WHO is he?

Austrian-born American screenwriter, producer and filmmaker who directed over two dozen feature films between the early forties and the early eighties. After having written a few films, Wilder emigrated from Europe during the rise of Hitler and found a lifelong home in Hollywood. He won the Academy Award for Best Direction twice, for The Lost Weekend (1945) and The Apartment (1960) and four more for Best Screenplay.

WHAT are his films about?


Throughout his career, Wilder, along with regular writing collaborators, I.A.L Diamond and Charles Brackett, dealt with narrative situations at the time considered a bit risqué or controversial. Adultery, marital infidelity and betrayal abound in these sexually charged films. Even though they generally stay away from politics, some of these films satirise rival ideologies such as Nazism and Communism, while never hesitating to send up America’s own twisted liberalism. The protagonists in these films are opportunists and schemers, frequently bending and breaking the unwritten moral code of the conventional Hollywood hero.


Wilder’s movies have a transparent style of direction and cinematography that artfully multiplies the pleasure of the script while never calling attention to themselves. He was a huge admirer of Ernst Lubitsch and his sophisticated approach to comedy testifies to that. The sharp dialogue and plotting is complemented by inspired performances and delicate aesthetic flourishes. Even in his non-comedies, there is always a lightness of touch that prevents the films from becoming too ponderous without sacrificing the integrity of tone.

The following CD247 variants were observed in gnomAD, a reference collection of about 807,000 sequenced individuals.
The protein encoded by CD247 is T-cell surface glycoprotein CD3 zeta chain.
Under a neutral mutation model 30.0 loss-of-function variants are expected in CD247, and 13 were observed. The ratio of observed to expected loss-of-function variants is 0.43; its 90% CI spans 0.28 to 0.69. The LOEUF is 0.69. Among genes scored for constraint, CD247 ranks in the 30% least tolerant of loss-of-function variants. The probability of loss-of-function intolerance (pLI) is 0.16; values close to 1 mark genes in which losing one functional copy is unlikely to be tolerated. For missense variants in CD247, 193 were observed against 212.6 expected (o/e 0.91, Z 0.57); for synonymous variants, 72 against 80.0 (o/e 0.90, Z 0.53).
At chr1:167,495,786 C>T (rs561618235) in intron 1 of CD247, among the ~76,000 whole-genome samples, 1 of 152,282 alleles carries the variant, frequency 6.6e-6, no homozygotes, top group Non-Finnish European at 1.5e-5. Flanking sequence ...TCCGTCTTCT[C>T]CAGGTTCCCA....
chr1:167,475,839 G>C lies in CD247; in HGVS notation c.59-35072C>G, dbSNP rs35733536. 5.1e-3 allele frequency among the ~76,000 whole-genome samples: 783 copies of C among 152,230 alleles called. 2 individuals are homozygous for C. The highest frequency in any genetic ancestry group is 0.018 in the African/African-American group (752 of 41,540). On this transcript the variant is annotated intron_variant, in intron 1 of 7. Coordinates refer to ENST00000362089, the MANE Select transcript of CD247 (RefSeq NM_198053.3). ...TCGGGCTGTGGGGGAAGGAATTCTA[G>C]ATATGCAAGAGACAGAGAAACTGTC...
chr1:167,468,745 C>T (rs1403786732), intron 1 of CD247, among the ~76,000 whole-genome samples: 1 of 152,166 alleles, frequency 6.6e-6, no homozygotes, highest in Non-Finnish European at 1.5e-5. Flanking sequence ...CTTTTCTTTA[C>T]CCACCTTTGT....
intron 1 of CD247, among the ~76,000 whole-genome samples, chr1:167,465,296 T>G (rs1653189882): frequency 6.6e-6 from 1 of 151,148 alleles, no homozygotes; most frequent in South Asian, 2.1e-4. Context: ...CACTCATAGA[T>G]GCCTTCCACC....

WHY is he of interest?

Wilder was one of the most accomplished scenarists in the history of Hollywood and his influence on later day mainstream screenwriters cannot be underestimated. But, equally, his directorial style, which always enhanced the written text and extended its comedic possibilities on screen, remains something of a reference book for today’s comedy film directors.

WHERE to discover him?

Among Wilder’s most acclaimed movies, Ace in the Hole (1951) follows a seedy newspaper reporter, played by Kirk Douglas, desperately in need of a break, who capitalises on the misfortune of a miner trapped inside a mountain. The film is not just a cynical, scathing depiction of a dog-eat-dog world, but also, like many of the director’s other works, a very culturally-specific movie about the American Dream and the myth of fame and fortune that it professes.